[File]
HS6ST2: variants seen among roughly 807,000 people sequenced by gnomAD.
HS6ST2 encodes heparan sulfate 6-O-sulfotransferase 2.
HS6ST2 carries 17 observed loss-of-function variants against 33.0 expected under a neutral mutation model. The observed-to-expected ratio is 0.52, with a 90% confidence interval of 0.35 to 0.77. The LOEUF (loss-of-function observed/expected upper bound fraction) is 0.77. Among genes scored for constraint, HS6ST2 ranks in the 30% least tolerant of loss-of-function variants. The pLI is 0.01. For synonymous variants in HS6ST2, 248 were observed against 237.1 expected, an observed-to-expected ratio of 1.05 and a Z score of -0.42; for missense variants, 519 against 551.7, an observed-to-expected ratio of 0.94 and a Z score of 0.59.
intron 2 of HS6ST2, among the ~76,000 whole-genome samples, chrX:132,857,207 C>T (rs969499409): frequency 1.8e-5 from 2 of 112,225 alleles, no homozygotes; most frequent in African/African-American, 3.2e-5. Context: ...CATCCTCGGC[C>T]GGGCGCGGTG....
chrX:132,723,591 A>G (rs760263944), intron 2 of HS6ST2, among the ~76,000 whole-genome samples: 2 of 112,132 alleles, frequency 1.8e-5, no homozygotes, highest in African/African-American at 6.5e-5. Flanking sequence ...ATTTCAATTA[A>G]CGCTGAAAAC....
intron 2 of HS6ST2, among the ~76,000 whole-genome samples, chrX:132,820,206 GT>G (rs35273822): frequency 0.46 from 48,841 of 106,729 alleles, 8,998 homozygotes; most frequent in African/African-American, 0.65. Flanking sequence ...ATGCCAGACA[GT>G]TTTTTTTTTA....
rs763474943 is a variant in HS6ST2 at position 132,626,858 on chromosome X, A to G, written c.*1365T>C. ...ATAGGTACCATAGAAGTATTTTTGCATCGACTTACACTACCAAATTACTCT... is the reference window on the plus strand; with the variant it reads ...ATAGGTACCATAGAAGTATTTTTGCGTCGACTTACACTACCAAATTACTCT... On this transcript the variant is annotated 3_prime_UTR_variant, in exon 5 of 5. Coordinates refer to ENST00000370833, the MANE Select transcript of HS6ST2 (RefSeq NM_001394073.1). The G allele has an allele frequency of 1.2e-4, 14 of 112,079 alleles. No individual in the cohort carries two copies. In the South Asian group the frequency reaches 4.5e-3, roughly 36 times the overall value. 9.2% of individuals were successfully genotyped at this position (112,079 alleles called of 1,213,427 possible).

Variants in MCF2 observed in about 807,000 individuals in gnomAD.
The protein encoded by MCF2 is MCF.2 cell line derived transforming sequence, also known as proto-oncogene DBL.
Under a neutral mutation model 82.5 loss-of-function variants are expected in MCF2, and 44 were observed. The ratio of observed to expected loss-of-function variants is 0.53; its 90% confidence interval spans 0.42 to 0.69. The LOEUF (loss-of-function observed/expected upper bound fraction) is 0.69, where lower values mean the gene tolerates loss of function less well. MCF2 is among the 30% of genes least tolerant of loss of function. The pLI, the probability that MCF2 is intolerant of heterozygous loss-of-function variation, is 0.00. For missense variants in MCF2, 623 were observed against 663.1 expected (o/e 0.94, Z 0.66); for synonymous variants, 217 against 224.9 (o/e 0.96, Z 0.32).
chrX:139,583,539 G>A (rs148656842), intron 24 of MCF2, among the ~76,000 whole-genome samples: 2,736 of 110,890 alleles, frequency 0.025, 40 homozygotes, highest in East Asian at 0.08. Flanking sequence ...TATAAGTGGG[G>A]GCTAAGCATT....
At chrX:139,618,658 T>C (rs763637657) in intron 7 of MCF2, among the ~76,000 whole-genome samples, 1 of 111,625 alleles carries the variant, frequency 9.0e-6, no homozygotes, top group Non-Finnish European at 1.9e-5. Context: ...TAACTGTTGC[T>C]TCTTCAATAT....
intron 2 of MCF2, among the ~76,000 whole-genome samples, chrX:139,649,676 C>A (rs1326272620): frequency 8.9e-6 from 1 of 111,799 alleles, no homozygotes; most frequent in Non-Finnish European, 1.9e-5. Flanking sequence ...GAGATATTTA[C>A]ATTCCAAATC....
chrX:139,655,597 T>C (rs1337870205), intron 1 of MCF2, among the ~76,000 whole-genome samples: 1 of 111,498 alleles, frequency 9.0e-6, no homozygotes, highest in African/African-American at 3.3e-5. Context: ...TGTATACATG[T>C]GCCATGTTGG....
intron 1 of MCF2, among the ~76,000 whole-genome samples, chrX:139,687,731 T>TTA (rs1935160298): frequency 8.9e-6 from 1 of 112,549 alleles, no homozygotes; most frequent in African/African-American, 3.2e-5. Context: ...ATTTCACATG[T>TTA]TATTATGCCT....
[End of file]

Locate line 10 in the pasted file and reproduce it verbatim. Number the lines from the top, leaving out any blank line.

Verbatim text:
Under a neutral mutation model 82.5 loss-of-function variants are expected in MCF2, and 44 were observed. The ratio of observed to expected loss-of-function variants is 0.53; its 90% confidence interval spans 0.42 to 0.69. The LOEUF (loss-of-function observed/expected upper bound fraction) is 0.69, where lower values mean the gene tolerates loss of function less well. MCF2 is among the 30% of genes least tolerant of loss of function. The pLI, the probability that MCF2 is intolerant of heterozygous loss-of-function variation, is 0.00. For missense variants in MCF2, 623 were observed against 663.1 expected (o/e 0.94, Z 0.66); for synonymous variants, 217 against 224.9 (o/e 0.96, Z 0.32).